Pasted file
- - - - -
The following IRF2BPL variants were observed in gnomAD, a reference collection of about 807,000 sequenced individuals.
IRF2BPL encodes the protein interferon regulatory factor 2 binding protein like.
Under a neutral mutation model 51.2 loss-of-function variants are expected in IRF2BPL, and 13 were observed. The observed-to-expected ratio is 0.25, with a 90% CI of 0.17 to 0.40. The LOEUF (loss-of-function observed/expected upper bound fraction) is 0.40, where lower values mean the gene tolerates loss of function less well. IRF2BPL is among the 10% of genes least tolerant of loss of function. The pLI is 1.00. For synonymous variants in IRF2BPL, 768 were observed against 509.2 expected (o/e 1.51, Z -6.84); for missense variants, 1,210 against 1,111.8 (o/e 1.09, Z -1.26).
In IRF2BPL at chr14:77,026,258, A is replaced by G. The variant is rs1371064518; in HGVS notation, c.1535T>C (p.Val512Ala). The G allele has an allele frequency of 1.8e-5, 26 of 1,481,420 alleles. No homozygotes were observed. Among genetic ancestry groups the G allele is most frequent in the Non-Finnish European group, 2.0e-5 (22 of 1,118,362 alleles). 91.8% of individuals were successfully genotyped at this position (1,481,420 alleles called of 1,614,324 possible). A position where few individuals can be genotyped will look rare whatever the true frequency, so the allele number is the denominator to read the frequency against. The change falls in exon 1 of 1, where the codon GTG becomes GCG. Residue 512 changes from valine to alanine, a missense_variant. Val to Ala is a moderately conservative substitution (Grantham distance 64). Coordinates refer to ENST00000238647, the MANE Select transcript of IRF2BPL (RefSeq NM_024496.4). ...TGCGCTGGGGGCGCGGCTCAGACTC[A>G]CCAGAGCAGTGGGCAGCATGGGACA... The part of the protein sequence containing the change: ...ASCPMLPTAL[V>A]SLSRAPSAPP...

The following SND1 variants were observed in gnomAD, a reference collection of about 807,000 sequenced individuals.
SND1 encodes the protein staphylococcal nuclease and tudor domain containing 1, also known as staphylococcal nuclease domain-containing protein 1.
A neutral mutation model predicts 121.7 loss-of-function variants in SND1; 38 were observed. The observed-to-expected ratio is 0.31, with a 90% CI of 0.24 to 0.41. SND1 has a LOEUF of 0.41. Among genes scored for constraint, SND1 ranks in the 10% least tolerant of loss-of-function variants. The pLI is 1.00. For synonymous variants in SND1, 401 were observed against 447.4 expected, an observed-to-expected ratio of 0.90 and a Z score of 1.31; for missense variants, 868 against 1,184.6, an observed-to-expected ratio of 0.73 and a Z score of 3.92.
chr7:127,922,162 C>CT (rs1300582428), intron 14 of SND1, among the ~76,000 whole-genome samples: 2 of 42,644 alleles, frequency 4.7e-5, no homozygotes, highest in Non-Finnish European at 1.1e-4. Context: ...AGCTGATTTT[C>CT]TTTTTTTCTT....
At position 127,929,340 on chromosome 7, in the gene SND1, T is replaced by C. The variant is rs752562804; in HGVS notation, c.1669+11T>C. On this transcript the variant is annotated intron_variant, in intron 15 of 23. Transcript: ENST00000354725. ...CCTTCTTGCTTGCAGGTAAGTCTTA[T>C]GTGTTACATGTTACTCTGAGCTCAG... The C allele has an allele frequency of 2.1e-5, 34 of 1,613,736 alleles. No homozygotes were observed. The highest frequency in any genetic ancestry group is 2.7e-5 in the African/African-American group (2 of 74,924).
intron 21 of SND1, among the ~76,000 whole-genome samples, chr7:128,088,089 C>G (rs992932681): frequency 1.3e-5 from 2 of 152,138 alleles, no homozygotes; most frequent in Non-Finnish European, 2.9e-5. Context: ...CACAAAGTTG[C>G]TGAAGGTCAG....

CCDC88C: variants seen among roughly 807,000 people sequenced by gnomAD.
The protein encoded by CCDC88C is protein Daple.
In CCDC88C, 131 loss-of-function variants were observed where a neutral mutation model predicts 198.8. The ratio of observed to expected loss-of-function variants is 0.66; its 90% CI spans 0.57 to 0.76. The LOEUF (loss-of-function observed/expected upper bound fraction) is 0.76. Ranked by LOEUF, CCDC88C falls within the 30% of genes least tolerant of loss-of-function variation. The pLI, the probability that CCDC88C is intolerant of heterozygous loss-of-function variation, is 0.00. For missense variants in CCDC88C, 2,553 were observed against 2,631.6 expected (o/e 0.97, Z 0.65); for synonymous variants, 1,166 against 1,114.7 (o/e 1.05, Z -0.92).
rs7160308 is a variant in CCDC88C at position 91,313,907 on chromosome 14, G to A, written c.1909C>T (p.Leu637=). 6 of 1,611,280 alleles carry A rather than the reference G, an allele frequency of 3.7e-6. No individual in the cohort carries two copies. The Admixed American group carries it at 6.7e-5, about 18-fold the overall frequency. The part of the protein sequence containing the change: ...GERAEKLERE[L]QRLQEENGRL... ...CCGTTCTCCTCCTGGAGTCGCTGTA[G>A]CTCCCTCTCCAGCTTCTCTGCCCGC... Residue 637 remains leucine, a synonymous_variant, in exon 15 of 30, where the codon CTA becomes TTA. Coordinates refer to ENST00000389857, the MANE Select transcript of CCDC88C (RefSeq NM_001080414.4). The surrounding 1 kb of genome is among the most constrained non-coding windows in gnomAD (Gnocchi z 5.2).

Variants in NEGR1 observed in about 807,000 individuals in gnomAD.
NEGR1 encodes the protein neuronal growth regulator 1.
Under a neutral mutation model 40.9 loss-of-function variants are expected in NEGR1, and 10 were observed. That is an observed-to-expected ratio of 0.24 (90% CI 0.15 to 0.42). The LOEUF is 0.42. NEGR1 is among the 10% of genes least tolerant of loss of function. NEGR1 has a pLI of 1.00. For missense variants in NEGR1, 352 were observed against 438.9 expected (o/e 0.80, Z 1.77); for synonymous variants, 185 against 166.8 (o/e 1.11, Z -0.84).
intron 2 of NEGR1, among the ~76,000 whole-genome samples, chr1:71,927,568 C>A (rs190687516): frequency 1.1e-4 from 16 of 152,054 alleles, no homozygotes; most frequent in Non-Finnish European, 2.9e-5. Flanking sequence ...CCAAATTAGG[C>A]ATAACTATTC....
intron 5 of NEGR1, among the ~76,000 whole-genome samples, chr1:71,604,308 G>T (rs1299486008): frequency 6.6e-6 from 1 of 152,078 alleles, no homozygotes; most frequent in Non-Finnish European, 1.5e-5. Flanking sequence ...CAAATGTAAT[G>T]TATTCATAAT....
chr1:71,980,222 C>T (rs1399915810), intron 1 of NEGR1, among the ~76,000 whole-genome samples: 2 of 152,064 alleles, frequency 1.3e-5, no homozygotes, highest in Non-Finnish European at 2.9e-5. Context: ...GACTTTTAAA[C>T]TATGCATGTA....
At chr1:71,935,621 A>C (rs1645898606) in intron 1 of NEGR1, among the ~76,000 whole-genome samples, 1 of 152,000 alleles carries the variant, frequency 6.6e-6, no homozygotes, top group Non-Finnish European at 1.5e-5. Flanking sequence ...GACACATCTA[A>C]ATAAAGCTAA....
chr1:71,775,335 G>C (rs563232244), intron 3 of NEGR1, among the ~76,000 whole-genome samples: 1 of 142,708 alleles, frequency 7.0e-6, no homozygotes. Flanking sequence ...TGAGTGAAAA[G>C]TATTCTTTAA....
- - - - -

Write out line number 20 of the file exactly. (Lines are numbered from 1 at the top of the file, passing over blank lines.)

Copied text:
chr1:71,980,222 C>T (rs1399915810), intron 1 of NEGR1, among the ~76,000 whole-genome samples: 2 of 152,064 alleles, frequency 1.3e-5, no homozygotes, highest in Non-Finnish European at 2.9e-5. Context: ...GACTTTTAAA[C>T]TATGCATGTA....